anaging the design and creation of database objects such as tables, stored procedures, and views is a fact of life for database developers. Because applications grow and change continually, additions and changes to database structures (or schemas) are a constant part of the development process.
Developers generally create the requisite database objects using a graphical user interface (GUI)-based tool such as Microsoft's SQL Enterprise Manager for MS SQL Server. GUI-based tools offer a powerful, rapid way to create database objects because they automate the details of the work, allowing the developer to focus on improving performance. However, they also hide the SQL commands they use to create the new objects from the developer, which can cause problems when a developer needs to migrate structures between different databases.
The few developers who use a SQL editor to hand code every database object change can use the resulting scripts to make any future database migrationsif (and it is a very big if) in these shared common scripts they save every change in the correct order. When using this process, even one omitted statement can cause chaos.
I believe that using an automated migration tool for database structures is a superior solution to both using the standard GUI-based tools, a process based on paper lists and manual changes, and storing hand-coded statements.
This article details the challenges of pushing database changes from the development database to the testing, staging, and live databases that are used during the development process. It also explains why using an automated tool is the best way to deal with these challenges.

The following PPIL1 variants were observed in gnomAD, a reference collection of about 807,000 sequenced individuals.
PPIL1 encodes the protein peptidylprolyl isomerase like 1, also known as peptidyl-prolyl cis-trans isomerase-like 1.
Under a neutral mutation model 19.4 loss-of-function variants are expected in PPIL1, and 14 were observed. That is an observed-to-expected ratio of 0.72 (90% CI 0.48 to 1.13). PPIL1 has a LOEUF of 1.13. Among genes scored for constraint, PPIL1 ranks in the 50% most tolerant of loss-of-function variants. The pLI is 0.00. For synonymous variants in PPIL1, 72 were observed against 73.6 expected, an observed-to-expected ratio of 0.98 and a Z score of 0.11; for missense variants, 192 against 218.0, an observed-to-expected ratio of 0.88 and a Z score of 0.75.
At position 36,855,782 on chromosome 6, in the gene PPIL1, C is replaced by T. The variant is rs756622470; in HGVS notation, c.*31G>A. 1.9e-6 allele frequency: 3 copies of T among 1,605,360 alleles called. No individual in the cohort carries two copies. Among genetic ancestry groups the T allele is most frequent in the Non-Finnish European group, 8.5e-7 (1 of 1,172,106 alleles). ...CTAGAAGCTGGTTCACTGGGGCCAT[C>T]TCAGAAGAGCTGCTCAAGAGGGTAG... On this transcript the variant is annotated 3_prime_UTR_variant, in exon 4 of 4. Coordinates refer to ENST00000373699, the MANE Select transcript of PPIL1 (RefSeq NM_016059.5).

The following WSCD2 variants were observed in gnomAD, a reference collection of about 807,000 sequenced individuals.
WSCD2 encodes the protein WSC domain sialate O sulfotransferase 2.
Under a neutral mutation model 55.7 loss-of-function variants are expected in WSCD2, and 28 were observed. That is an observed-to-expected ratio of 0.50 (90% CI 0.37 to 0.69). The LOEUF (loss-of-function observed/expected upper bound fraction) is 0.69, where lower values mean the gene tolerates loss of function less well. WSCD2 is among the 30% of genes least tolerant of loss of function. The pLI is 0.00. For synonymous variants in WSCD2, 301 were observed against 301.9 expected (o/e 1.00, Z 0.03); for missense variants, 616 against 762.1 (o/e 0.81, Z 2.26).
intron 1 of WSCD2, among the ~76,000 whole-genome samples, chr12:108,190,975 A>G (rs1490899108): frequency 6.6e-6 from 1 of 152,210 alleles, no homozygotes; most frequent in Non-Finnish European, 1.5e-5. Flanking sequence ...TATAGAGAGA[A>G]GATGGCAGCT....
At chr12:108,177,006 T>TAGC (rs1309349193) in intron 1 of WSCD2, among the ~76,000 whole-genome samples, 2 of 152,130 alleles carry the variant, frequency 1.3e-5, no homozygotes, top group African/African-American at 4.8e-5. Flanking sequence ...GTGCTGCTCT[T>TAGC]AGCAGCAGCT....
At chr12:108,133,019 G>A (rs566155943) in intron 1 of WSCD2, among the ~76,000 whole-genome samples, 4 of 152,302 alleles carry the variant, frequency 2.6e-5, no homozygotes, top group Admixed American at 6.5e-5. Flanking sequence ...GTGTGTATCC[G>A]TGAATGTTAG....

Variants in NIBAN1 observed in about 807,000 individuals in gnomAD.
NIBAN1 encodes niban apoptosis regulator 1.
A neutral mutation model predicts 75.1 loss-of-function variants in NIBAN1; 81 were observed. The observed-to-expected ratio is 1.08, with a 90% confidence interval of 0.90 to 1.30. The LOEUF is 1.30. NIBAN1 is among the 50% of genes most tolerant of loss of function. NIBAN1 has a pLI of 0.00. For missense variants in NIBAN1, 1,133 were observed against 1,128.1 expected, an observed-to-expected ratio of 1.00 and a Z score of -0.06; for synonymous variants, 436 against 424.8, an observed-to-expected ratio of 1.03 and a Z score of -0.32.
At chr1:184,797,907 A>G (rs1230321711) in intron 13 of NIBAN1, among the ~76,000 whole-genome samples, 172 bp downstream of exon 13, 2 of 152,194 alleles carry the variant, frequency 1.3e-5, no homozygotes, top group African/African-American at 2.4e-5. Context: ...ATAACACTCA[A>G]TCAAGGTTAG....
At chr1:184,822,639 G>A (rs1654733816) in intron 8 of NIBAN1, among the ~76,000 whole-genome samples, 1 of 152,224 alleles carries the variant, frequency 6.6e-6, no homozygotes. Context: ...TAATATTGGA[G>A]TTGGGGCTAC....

Database Structure Migration Between Development Stages
Many organizations use a range of databases for different stages of their development processes. They might have a development database, a test database, a staging database, and a live production database. Once an iteration of the application is finished and moved onto the next stage, the accompanying database structure needs to be migrated (from a staging database to a live database, for example). Organizations can make this migration in the following three ways:
- Delete the target database and replace it with the new one. The advantage of this approach is that it is simple. The major drawback is that any data in the replaced database will be lost. This could be a disaster in a live database, but even a test database contains lots of data for the required range of test scenarios, which would be tedious and time-consuming to replace.
- Using SQL Enterprise Manager (or a similar program) to migrate changes from the old database to the new one. In this scenario, a developer or DBA manually adds and modifies database objects via a tool such as SQL Enterprise Manager's user interface. The major problem with this approach is that it is not a documented, repeatable process.
- Create a script to convert one database's structure to match that of another. This involves creating batches of SQL statements. These statements contain commands to make the database schema of the live database the same as that of the staging database.